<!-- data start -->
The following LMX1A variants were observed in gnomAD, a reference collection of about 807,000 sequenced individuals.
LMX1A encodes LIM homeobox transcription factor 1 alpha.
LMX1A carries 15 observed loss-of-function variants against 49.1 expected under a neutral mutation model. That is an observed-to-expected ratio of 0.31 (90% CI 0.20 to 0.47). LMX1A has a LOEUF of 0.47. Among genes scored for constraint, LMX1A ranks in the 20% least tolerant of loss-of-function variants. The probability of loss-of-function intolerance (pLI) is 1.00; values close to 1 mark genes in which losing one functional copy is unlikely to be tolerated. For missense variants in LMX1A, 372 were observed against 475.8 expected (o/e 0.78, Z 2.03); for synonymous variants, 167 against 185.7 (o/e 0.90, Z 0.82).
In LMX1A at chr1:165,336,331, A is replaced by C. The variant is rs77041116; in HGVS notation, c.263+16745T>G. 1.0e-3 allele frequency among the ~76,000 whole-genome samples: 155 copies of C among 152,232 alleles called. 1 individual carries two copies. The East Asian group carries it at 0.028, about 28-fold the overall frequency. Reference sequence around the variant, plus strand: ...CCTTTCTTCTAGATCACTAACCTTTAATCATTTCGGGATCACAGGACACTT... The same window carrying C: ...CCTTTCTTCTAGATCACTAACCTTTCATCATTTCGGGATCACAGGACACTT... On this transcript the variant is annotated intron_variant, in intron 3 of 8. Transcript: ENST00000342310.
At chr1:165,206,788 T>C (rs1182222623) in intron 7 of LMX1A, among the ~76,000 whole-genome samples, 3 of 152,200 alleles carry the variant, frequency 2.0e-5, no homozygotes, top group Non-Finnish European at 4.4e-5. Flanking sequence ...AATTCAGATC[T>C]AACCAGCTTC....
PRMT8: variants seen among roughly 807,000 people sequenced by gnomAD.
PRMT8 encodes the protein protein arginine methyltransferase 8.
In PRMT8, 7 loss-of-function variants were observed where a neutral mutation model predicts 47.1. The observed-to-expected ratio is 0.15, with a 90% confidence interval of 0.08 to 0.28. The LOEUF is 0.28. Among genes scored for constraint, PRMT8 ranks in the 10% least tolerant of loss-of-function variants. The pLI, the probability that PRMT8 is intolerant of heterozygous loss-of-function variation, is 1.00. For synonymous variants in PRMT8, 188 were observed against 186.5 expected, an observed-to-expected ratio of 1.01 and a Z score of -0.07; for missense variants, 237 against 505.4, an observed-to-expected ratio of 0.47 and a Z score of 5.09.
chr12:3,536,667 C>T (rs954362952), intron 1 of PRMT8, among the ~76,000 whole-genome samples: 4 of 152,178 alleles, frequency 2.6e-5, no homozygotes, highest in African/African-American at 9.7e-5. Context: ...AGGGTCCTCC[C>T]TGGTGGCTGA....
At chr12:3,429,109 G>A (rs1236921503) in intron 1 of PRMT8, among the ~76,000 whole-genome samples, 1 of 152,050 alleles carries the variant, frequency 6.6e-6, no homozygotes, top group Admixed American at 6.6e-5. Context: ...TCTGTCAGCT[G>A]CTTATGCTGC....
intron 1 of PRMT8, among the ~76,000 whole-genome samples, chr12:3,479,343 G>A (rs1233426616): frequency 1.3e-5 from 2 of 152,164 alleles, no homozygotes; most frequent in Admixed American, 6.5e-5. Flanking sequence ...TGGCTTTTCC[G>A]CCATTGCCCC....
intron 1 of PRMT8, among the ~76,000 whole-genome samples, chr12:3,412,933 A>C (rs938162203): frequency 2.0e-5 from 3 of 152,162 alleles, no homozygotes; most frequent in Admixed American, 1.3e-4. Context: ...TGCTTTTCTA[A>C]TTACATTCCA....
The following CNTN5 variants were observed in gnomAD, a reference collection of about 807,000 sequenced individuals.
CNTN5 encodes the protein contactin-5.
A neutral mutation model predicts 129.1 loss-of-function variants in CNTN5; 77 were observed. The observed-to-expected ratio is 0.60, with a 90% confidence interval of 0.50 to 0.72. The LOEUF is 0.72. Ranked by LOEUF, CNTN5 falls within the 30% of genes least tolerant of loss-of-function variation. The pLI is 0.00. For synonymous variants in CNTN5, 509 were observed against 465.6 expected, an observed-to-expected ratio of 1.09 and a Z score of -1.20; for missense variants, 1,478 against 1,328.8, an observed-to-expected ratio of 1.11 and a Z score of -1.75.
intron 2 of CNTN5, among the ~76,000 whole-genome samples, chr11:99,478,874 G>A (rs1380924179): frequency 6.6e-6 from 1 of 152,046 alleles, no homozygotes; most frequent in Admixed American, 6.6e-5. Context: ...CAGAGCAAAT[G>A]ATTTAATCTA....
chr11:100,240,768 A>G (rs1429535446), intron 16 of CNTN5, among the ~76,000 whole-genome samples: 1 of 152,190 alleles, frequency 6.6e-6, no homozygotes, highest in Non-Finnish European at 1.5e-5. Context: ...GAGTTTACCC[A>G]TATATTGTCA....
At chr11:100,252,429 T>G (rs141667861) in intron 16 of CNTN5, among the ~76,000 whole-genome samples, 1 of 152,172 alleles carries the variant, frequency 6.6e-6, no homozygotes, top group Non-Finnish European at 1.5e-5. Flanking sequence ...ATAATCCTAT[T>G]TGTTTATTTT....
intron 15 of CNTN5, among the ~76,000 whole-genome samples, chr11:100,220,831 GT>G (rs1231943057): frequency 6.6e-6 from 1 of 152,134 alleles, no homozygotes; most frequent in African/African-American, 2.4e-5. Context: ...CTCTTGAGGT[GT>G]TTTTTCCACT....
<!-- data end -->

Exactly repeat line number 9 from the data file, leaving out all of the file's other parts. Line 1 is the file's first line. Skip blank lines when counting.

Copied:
chr12:3,536,667 C>T (rs954362952), intron 1 of PRMT8, among the ~76,000 whole-genome samples: 4 of 152,178 alleles, frequency 2.6e-5, no homozygotes, highest in African/African-American at 9.7e-5. Context: ...AGGGTCCTCC[C>T]TGGTGGCTGA....